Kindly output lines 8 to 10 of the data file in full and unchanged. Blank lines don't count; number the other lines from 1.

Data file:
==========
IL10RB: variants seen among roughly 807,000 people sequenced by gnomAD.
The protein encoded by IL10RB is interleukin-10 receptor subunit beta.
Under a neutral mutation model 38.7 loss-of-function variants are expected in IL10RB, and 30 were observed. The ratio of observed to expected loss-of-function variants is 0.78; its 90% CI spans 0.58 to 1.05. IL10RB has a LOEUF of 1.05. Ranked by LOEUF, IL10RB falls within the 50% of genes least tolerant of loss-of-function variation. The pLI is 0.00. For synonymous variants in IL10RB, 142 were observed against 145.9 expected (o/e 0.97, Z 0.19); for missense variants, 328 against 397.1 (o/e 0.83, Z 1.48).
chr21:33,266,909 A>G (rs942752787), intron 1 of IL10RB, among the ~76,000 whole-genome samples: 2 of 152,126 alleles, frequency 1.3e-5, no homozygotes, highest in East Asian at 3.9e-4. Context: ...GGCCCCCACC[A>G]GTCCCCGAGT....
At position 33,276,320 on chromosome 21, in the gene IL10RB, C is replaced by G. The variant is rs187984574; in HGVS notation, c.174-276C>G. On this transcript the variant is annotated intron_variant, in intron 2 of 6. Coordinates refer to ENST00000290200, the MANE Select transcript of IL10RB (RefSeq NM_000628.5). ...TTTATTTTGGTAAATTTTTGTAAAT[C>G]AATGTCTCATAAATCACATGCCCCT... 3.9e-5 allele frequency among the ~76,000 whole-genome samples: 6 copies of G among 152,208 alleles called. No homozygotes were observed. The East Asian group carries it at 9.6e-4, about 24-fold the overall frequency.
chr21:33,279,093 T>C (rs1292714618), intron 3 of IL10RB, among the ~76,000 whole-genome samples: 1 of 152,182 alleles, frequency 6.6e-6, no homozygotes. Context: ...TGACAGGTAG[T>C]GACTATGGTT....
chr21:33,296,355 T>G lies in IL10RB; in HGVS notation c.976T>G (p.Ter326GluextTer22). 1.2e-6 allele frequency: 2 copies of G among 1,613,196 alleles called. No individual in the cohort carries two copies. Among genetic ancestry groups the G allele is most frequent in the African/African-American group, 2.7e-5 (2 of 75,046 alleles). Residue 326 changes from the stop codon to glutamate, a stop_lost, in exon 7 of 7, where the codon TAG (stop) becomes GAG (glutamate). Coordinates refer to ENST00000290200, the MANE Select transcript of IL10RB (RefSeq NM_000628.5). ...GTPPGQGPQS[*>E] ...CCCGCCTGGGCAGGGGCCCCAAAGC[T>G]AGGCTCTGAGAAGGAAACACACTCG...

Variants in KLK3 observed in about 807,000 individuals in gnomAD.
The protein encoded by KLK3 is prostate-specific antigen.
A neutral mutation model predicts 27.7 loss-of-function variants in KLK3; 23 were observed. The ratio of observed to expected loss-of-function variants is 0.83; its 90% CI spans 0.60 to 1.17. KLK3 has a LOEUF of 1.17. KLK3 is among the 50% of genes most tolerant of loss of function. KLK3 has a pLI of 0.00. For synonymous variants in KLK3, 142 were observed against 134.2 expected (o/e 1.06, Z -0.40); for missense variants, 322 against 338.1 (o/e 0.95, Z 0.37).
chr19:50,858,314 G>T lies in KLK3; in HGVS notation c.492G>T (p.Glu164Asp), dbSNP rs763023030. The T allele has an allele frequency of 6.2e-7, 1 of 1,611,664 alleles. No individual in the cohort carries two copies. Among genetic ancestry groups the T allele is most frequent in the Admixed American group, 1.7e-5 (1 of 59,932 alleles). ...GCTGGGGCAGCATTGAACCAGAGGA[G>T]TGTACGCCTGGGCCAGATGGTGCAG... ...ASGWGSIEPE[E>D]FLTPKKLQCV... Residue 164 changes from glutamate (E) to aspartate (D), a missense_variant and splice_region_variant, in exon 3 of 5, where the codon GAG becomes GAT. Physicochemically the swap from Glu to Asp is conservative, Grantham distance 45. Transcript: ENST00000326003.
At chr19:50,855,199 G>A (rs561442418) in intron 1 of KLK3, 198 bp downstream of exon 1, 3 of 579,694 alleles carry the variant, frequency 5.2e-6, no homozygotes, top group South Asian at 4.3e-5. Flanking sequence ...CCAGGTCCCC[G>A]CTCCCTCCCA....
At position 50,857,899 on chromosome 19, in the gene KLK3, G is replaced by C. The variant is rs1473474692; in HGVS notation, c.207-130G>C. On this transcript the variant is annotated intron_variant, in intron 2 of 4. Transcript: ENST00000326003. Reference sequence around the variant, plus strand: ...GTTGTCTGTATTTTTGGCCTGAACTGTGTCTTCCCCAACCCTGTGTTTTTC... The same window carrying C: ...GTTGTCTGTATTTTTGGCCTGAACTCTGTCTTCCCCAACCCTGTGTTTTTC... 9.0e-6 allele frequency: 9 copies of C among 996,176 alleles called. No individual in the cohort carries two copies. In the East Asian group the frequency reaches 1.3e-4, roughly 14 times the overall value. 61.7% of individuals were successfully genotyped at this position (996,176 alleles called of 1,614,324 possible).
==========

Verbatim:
Variants in KLK3 observed in about 807,000 individuals in gnomAD.
The protein encoded by KLK3 is prostate-specific antigen.
A neutral mutation model predicts 27.7 loss-of-function variants in KLK3; 23 were observed. The ratio of observed to expected loss-of-function variants is 0.83; its 90% CI spans 0.60 to 1.17. KLK3 has a LOEUF of 1.17. KLK3 is among the 50% of genes most tolerant of loss of function. KLK3 has a pLI of 0.00. For synonymous variants in KLK3, 142 were observed against 134.2 expected (o/e 1.06, Z -0.40); for missense variants, 322 against 338.1 (o/e 0.95, Z 0.37).